• Thanks for your comment Robert. has a triple verification process for the reviews and that process is independent of agents’ requests. That means reviews are verified regardless of the agent requesting it or not and both positive and negative reviews are verified. The first step of the process is for the reviewer to confirm by email that their review is true, accurate, and that they take legal responsibility for it. The two other verification steps involve moderating the comments to ensure they adhere to our policies and auditing the reviews for patterns that help us identify fake reviews.

      What you’re describing doesn’t make sense as a process. My guess is that you’re making some assumptions that there were no other processes involved on the part of, which is not true. We do require that the person who posted the review agrees to take legal responsibility for their review. If they’re not willing to do that or do not provide a legitimate email to confirm their legal responsibility, then the review will be removed.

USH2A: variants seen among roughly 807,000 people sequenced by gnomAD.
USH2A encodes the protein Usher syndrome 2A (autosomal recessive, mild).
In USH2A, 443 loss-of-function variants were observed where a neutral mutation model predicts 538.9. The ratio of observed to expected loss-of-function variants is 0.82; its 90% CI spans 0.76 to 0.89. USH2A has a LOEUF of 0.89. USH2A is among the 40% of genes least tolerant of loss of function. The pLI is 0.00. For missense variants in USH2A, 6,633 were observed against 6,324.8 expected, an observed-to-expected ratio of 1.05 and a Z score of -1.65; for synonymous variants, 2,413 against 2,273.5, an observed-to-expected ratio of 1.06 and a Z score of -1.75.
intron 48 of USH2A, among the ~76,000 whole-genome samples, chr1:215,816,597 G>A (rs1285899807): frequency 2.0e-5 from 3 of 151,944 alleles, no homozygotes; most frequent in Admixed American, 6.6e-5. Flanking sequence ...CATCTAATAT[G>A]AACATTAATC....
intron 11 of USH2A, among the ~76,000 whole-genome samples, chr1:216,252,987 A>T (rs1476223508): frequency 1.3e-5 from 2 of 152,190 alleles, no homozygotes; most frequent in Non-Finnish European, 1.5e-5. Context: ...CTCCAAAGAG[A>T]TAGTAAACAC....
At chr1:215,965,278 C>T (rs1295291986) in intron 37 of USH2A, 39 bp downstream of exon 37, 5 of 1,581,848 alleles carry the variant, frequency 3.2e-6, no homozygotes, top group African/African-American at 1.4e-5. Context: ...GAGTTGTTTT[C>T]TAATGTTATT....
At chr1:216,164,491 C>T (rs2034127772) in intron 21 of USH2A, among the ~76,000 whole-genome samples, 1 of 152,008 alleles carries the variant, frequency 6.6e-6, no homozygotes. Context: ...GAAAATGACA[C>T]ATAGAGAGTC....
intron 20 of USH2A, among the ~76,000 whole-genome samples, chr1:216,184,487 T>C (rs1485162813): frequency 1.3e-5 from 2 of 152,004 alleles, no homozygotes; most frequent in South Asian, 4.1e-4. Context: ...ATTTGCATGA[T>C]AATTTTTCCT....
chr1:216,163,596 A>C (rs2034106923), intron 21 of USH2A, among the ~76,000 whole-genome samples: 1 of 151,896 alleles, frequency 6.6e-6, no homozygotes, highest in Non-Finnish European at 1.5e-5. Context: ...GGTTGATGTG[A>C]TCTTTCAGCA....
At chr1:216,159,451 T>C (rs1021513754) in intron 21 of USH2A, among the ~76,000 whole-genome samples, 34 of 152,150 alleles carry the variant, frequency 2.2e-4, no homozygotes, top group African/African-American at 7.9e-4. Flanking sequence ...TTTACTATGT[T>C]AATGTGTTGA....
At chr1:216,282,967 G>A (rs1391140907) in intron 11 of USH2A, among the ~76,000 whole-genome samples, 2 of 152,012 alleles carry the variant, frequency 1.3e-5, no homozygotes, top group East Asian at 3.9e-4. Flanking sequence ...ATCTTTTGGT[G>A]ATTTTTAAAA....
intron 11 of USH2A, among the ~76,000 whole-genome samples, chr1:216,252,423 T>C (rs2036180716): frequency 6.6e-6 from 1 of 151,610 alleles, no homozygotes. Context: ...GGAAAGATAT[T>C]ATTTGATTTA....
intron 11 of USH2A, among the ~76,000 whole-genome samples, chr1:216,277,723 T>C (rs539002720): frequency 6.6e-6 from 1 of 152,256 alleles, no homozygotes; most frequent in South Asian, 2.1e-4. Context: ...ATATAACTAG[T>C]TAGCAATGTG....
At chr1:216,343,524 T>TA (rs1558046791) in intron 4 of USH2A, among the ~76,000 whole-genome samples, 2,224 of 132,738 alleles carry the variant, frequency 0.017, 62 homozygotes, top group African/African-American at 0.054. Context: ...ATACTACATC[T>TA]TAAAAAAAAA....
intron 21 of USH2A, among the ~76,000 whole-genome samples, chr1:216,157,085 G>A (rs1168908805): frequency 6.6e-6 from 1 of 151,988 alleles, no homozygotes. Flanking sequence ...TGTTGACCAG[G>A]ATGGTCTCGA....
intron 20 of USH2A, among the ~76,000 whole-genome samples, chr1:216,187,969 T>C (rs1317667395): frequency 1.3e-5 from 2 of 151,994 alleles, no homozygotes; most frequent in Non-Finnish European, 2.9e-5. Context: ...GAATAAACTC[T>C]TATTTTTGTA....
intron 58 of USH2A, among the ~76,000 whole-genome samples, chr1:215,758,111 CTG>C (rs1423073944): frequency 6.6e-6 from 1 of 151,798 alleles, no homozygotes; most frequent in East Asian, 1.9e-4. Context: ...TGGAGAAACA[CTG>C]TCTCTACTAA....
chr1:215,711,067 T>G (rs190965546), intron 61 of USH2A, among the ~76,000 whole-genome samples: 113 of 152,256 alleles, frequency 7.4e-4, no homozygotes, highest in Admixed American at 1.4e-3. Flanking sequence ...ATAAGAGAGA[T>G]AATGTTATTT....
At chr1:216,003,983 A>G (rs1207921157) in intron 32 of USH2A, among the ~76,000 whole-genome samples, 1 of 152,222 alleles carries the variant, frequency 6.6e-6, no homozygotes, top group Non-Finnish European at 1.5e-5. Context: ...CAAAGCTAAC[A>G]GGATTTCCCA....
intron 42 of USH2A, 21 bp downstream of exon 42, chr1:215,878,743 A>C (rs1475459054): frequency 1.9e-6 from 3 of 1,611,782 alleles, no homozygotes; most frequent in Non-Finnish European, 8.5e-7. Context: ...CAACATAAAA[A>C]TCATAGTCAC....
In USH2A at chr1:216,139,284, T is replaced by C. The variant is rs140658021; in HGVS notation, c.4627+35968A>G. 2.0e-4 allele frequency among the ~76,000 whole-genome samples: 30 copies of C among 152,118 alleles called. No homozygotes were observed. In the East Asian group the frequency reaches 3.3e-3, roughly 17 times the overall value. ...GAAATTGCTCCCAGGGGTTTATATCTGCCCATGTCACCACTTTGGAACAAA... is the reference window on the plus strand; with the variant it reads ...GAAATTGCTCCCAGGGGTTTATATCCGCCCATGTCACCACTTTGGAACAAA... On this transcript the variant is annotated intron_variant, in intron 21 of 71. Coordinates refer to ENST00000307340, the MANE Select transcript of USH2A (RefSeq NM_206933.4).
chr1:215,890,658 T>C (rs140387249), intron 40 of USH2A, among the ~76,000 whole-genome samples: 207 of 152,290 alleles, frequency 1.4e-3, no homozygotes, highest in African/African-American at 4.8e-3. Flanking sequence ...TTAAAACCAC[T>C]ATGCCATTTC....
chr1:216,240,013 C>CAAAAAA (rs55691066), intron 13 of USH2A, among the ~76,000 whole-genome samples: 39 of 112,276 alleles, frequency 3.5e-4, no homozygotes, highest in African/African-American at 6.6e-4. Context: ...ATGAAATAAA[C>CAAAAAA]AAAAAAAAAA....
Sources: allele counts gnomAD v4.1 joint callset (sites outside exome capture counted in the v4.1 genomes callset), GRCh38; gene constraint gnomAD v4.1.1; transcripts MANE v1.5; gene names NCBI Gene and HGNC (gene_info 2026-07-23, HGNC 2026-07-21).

Our process is not perfect but we put a lot of effort into consistently improving it so that buyers and sellers can trust the reviews to help them find the best agent for them. There will be more improvements in the coming year.

      • Robert – I did a search on our email system and did not find any emails with your name. I also searched for your name on our site and did not find any profile that matches. Maybe you’re thinking of some other site?

  3. Thanks for publishing this! Last year we had a few comments so I thought I’d put a note here saying that we’ll be monitoring this for the next week or so to reply to any comments that are posted.


Please enter your comment!
Please enter your name here